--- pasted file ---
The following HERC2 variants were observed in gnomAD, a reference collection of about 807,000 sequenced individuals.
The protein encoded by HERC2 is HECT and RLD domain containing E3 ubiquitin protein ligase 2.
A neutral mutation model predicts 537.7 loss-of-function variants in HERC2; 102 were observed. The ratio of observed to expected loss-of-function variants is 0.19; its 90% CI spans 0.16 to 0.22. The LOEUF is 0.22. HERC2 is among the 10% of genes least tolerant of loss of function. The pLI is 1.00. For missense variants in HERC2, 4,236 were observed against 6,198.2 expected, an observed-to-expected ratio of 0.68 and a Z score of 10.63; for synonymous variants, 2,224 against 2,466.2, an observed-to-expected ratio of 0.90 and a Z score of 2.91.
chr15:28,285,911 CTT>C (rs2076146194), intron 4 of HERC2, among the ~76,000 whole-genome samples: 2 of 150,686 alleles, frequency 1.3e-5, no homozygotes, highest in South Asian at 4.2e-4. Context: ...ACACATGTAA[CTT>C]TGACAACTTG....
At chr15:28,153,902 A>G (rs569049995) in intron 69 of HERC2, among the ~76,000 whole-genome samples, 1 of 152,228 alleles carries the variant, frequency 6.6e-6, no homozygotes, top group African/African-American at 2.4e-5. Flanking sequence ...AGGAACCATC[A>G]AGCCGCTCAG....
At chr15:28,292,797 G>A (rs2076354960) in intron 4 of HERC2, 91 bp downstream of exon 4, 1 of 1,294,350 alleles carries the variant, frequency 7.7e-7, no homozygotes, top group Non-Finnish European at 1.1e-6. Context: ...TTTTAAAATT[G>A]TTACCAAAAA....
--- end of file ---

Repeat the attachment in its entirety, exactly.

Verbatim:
The following HERC2 variants were observed in gnomAD, a reference collection of about 807,000 sequenced individuals.
The protein encoded by HERC2 is HECT and RLD domain containing E3 ubiquitin protein ligase 2.
A neutral mutation model predicts 537.7 loss-of-function variants in HERC2; 102 were observed. The ratio of observed to expected loss-of-function variants is 0.19; its 90% CI spans 0.16 to 0.22. The LOEUF is 0.22. HERC2 is among the 10% of genes least tolerant of loss of function. The pLI is 1.00. For missense variants in HERC2, 4,236 were observed against 6,198.2 expected, an observed-to-expected ratio of 0.68 and a Z score of 10.63; for synonymous variants, 2,224 against 2,466.2, an observed-to-expected ratio of 0.90 and a Z score of 2.91.
chr15:28,285,911 CTT>C (rs2076146194), intron 4 of HERC2, among the ~76,000 whole-genome samples: 2 of 150,686 alleles, frequency 1.3e-5, no homozygotes, highest in South Asian at 4.2e-4. Context: ...ACACATGTAA[CTT>C]TGACAACTTG....
At chr15:28,153,902 A>G (rs569049995) in intron 69 of HERC2, among the ~76,000 whole-genome samples, 1 of 152,228 alleles carries the variant, frequency 6.6e-6, no homozygotes, top group African/African-American at 2.4e-5. Flanking sequence ...AGGAACCATC[A>G]AGCCGCTCAG....
At chr15:28,292,797 G>A (rs2076354960) in intron 4 of HERC2, 91 bp downstream of exon 4, 1 of 1,294,350 alleles carries the variant, frequency 7.7e-7, no homozygotes, top group Non-Finnish European at 1.1e-6. Context: ...TTTTAAAATT[G>A]TTACCAAAAA....